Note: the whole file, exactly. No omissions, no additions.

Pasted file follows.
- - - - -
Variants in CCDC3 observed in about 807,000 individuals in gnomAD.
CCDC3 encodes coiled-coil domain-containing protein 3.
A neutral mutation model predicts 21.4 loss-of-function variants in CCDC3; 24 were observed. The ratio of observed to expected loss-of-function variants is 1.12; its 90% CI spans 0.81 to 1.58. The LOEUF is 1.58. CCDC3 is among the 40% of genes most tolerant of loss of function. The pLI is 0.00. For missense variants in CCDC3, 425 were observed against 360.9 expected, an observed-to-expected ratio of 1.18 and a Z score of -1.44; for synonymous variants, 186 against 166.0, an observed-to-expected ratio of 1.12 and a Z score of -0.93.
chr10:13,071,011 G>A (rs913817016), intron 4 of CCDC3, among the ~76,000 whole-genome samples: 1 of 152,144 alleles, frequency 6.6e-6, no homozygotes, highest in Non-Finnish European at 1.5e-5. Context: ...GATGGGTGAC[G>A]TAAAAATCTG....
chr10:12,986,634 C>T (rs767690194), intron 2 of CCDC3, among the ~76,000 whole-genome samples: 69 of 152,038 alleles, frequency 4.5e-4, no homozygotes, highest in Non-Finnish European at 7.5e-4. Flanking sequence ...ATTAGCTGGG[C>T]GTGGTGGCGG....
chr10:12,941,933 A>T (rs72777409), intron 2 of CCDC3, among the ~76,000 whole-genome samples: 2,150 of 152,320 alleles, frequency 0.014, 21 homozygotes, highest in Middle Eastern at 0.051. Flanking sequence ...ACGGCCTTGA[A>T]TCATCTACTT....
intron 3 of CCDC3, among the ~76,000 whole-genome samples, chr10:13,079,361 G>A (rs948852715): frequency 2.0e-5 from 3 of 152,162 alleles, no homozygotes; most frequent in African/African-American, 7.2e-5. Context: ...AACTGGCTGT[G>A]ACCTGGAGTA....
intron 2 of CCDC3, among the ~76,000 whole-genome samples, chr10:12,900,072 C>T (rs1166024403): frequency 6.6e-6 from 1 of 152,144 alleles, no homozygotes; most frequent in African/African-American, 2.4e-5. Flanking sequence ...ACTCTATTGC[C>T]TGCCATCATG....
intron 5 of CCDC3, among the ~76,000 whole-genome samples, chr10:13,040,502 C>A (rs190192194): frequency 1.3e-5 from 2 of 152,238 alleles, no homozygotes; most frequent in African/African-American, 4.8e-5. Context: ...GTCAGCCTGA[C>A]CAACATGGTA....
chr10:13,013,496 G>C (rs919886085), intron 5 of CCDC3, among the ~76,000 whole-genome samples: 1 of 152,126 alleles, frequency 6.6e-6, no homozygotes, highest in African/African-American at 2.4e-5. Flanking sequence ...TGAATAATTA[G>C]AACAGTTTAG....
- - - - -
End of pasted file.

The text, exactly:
Variants in CCDC3 observed in about 807,000 individuals in gnomAD.
CCDC3 encodes coiled-coil domain-containing protein 3.
A neutral mutation model predicts 21.4 loss-of-function variants in CCDC3; 24 were observed. The ratio of observed to expected loss-of-function variants is 1.12; its 90% CI spans 0.81 to 1.58. The LOEUF is 1.58. CCDC3 is among the 40% of genes most tolerant of loss of function. The pLI is 0.00. For missense variants in CCDC3, 425 were observed against 360.9 expected, an observed-to-expected ratio of 1.18 and a Z score of -1.44; for synonymous variants, 186 against 166.0, an observed-to-expected ratio of 1.12 and a Z score of -0.93.
chr10:13,071,011 G>A (rs913817016), intron 4 of CCDC3, among the ~76,000 whole-genome samples: 1 of 152,144 alleles, frequency 6.6e-6, no homozygotes, highest in Non-Finnish European at 1.5e-5. Context: ...GATGGGTGAC[G>A]TAAAAATCTG....
chr10:12,986,634 C>T (rs767690194), intron 2 of CCDC3, among the ~76,000 whole-genome samples: 69 of 152,038 alleles, frequency 4.5e-4, no homozygotes, highest in Non-Finnish European at 7.5e-4. Flanking sequence ...ATTAGCTGGG[C>T]GTGGTGGCGG....
chr10:12,941,933 A>T (rs72777409), intron 2 of CCDC3, among the ~76,000 whole-genome samples: 2,150 of 152,320 alleles, frequency 0.014, 21 homozygotes, highest in Middle Eastern at 0.051. Flanking sequence ...ACGGCCTTGA[A>T]TCATCTACTT....
intron 3 of CCDC3, among the ~76,000 whole-genome samples, chr10:13,079,361 G>A (rs948852715): frequency 2.0e-5 from 3 of 152,162 alleles, no homozygotes; most frequent in African/African-American, 7.2e-5. Context: ...AACTGGCTGT[G>A]ACCTGGAGTA....
intron 2 of CCDC3, among the ~76,000 whole-genome samples, chr10:12,900,072 C>T (rs1166024403): frequency 6.6e-6 from 1 of 152,144 alleles, no homozygotes; most frequent in African/African-American, 2.4e-5. Flanking sequence ...ACTCTATTGC[C>T]TGCCATCATG....
intron 5 of CCDC3, among the ~76,000 whole-genome samples, chr10:13,040,502 C>A (rs190192194): frequency 1.3e-5 from 2 of 152,238 alleles, no homozygotes; most frequent in African/African-American, 4.8e-5. Context: ...GTCAGCCTGA[C>A]CAACATGGTA....
chr10:13,013,496 G>C (rs919886085), intron 5 of CCDC3, among the ~76,000 whole-genome samples: 1 of 152,126 alleles, frequency 6.6e-6, no homozygotes, highest in African/African-American at 2.4e-5. Flanking sequence ...TGAATAATTA[G>C]AACAGTTTAG....